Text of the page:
Medieval inventors built mechanical clocks to keep track of time. Electronic digital clocks that measure time by the vibrations of quartz crystals are accurate to a few seconds a year. As our instruments improve scientists are able to more accurately measure time. We can now calculate time down to billionths of a second!
Greenwich Mean Time (GMT) or Universal Time, Coordinated (UTC) is a standard for setting time zones. It is based on an imaginary line running through Greenwich, England, with other lines marking each hour East and West around the globe. Eniwetok, in the Marshall Islands in the Pacific, is halfway around the Earth so its time can be calculated by subtracting 12 from GMT. When the sun is high overhead at noon in Greenwich it is midnight in Eniwetok. New York City is 5 hours East of Greenwich so it is "behind" by 5 hours or GMT - 5. Wellington, New Zealand, is 12 hours "ahead" so the new day starts in that timezone, continues around the world and ends in Eniwetok's timezone.
The times below are given in "24 hour" format so that there is no confusion with a.m. (morning) or p.m. (afternoon). For numbers larger than 12 just subtract 12:00 from the time to find out what "12 hour" time is: 14:00 is 2:00 p.m. (14 - 12 = 2). Look for your time zone below by comparing the Local Time to the list of time zones. The times are based on your computer system's clock. See links below to the US Naval Observatory to see if your clock is set to the standard. Remember, Daylight Savings Time will adjust the calculation "ahead" by one hour.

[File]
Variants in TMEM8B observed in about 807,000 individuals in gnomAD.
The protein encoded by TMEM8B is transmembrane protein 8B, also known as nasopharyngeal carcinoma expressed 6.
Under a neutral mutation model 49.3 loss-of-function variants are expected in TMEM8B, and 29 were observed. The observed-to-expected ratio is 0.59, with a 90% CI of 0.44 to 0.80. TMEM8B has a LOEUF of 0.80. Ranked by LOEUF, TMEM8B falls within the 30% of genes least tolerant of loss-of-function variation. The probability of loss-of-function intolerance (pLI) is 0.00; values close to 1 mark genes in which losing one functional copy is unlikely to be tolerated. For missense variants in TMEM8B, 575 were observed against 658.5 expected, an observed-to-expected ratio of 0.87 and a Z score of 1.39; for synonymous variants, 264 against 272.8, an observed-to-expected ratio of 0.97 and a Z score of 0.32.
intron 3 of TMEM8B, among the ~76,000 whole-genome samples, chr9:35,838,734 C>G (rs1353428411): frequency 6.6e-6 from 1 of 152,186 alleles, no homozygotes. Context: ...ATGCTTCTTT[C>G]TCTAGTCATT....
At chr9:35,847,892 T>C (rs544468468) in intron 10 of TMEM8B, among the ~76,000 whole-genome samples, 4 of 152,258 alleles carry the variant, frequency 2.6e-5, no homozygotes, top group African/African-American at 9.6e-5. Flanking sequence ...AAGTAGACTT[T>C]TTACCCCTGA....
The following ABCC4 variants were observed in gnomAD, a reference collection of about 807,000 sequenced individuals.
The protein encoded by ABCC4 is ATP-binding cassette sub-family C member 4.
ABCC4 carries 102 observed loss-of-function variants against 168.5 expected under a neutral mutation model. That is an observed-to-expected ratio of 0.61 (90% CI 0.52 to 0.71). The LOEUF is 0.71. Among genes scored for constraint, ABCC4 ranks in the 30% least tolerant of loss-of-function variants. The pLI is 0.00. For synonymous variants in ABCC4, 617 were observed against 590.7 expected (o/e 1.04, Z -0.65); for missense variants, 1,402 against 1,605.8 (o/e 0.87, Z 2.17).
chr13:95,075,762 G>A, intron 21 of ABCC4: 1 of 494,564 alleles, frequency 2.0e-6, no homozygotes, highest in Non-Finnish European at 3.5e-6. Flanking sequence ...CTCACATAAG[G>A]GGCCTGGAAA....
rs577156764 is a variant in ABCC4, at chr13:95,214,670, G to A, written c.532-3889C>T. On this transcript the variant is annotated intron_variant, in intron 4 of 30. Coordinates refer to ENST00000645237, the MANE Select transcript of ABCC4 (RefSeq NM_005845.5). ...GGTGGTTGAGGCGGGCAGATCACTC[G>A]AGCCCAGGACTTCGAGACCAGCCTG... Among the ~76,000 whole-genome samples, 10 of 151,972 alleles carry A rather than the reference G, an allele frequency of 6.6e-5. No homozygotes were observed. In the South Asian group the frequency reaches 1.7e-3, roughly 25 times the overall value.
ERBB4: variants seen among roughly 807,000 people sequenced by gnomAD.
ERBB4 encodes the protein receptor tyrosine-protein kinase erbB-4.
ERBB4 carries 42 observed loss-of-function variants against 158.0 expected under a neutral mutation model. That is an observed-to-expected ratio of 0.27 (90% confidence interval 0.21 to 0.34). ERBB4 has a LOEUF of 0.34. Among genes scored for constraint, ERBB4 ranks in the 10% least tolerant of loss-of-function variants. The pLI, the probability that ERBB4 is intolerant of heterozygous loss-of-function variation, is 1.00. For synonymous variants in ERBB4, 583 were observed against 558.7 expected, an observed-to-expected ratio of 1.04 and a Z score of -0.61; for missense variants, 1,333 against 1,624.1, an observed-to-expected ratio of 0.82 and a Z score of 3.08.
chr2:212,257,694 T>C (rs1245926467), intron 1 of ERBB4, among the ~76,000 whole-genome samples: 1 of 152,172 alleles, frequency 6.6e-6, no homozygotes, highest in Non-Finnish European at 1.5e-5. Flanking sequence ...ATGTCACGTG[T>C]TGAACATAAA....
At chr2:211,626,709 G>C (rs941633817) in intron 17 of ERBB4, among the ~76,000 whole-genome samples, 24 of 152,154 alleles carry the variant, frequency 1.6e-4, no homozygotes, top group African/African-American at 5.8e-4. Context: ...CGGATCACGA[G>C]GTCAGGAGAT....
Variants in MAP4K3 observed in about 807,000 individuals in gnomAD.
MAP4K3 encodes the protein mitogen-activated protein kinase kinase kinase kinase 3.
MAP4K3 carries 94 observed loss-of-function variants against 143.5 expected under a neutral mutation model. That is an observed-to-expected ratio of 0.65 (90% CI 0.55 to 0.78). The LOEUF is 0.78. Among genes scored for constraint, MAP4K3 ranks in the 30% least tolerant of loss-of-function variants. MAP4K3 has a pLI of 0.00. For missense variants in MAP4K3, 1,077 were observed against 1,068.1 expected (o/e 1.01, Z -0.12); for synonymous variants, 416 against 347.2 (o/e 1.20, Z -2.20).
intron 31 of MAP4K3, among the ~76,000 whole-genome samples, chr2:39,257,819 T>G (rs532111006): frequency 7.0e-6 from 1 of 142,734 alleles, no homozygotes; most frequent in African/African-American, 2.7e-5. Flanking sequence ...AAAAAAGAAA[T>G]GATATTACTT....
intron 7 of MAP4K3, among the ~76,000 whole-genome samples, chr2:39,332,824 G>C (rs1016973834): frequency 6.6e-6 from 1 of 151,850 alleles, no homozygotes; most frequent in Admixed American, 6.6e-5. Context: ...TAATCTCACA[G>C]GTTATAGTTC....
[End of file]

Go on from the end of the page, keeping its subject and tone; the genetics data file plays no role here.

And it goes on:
The US Naval Observatory is charged with keeping standard time. They also calculate astronomical events like moon phases, eclipses, tides and orbits of the planets. Explore the USNO website in a new window by clicking on the links below. Return to Kid's Cosmos by closing the window.
Astronomers use a similar coordinate system to map stars. A series of lines make up the equatorial coordinate system. East-West positions, called Right Ascension, measured in hours, minutes and seconds follow the longitude lines on Earth. North-South positions are indicated by Declination, the number of degrees from the Equator (0 degrees) to the North Pole (90 degrees) or South Pole (-90 degrees). Research the Celestial Sphere for more information on this topic.
What Time Is It?
Kids' Cosmos… Expanding Minds Beyond the Limits of the Universe
P.O. Box 14077, Spokane, WA 99206-4077
© 2011 Kid's Cosmos